Disentangling neural structures for processing of high- and low-speed visual motion

Jeannette Lorteije, RJA van Wezel, MJ van der Smagt

Research output: Contribution to journalArticleAcademicpeer-review

15 Citations (Scopus)


Human psychophysical and electrophysiological evidence suggests at least two separate visual motion pathways, one tuned to a lower and one tuned to a broader and partly overlapping range of higher speeds. It remains unclear whether these two different channels are represented by different cortical areas or by sub-populations within a single area. We recorded evoked potentials at 59 scalp locations to the onset of a slow (3.5 degrees/s) and fast (32 degrees/s) moving test pattern, preceded by either a slow or fast adapting pattern that moved in either the same direction or opposite to the test motion. Baseline potentials were recorded for slow and fast moving test patterns after adaptation to a static pattern. Comparison of adapted responses with baseline responses revealed that the N2 peak around 180 ms after test stimulus onset was modulated by the preceding adaptation. This modulation depended on both direction and speed. Source localization of baseline potentials as well as direction-independent motion adaptation revealed cortical areas activated by fast motion to be more dorsal, medial and posterior compared with neural structures underlying slow motion processing. For both speeds, the direction-dependent component of this adaptation modulation occurred in the same area, located significantly more dorsally compared with neural structures that were adapted in a direction-independent manner. These results demonstrate for the first time the cortical separation of more ventral areas selectively activated by visual motion at low speeds (and not high speeds) and dorsal motion-sensitive cortical areas that are activated by both high and low speeds.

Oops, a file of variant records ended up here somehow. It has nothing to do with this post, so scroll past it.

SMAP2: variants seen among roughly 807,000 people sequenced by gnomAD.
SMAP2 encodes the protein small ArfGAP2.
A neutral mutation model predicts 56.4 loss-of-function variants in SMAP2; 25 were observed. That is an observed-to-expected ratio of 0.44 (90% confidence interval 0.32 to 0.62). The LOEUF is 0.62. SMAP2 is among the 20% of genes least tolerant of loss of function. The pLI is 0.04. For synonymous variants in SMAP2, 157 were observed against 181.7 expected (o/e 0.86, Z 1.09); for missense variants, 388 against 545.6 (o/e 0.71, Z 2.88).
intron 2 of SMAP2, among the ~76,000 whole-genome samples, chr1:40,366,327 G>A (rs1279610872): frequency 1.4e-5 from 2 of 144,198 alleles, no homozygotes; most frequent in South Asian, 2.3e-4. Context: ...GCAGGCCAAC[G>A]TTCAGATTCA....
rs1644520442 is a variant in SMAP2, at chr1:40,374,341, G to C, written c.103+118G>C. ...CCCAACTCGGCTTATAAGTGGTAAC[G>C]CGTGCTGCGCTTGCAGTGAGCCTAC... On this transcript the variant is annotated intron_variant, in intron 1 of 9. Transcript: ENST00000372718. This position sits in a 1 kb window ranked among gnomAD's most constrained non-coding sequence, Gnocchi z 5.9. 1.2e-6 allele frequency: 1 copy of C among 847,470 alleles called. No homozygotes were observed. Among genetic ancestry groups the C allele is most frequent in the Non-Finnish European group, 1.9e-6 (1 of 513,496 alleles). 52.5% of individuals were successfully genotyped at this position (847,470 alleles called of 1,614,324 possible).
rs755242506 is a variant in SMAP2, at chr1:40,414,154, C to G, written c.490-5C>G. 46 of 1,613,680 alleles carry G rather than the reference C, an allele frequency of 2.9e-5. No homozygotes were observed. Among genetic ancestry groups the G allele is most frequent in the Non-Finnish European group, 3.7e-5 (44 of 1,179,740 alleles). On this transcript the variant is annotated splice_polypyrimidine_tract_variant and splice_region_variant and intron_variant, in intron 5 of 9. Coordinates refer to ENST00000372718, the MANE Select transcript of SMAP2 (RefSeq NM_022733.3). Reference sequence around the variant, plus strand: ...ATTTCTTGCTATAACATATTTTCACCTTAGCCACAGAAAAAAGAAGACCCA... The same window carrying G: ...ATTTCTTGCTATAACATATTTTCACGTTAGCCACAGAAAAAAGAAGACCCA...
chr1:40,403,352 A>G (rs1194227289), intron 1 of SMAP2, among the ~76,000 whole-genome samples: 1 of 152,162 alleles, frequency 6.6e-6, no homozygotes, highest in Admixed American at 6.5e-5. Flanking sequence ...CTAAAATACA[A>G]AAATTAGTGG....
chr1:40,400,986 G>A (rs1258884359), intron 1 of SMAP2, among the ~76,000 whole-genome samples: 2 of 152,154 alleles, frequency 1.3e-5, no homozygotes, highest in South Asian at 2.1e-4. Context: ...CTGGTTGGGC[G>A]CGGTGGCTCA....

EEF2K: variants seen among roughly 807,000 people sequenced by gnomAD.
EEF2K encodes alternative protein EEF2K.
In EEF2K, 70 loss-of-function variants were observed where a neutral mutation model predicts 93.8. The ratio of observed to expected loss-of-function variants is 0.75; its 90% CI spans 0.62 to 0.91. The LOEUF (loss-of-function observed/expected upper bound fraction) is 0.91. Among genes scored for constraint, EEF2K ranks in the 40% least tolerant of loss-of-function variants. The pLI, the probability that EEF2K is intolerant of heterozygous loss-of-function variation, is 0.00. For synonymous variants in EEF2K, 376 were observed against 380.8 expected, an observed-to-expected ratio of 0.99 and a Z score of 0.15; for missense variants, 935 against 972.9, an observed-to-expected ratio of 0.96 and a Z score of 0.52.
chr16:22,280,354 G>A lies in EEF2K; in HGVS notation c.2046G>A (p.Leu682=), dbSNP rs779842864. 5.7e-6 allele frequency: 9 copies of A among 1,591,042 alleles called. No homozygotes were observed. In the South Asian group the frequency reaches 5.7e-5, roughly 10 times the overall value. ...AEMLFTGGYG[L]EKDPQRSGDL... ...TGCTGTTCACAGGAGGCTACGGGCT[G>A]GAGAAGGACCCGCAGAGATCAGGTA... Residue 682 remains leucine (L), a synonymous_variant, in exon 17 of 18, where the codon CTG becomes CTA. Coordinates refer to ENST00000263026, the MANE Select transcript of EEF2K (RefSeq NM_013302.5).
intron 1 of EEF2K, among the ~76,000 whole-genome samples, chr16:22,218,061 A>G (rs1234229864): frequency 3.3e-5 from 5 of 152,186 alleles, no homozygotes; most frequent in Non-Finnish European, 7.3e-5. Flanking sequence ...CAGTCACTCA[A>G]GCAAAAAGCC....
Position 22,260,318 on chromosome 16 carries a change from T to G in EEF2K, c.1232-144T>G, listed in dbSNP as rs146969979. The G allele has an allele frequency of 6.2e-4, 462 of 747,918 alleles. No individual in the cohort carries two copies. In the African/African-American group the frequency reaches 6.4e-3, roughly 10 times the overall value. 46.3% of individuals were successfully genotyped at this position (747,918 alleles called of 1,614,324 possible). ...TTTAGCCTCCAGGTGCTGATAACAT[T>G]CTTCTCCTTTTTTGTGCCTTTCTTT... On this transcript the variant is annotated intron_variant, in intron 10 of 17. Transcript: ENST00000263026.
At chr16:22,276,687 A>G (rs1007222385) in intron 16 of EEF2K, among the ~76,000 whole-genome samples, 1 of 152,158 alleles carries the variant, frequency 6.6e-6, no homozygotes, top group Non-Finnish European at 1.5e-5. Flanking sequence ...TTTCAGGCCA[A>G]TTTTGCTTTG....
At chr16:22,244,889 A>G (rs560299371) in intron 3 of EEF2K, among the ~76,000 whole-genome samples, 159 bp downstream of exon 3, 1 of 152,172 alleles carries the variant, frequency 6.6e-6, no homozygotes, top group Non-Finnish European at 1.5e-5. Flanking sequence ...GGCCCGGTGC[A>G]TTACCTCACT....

Original languageUndefined/Unknown
Pages (from-to)2341-2353
Number of pages13
JournalEuropean Journal of Neuroscience
Issue number9
Publication statusPublished - 2008

Research programs

  • EMC ONWAR-01-94-01

Cite this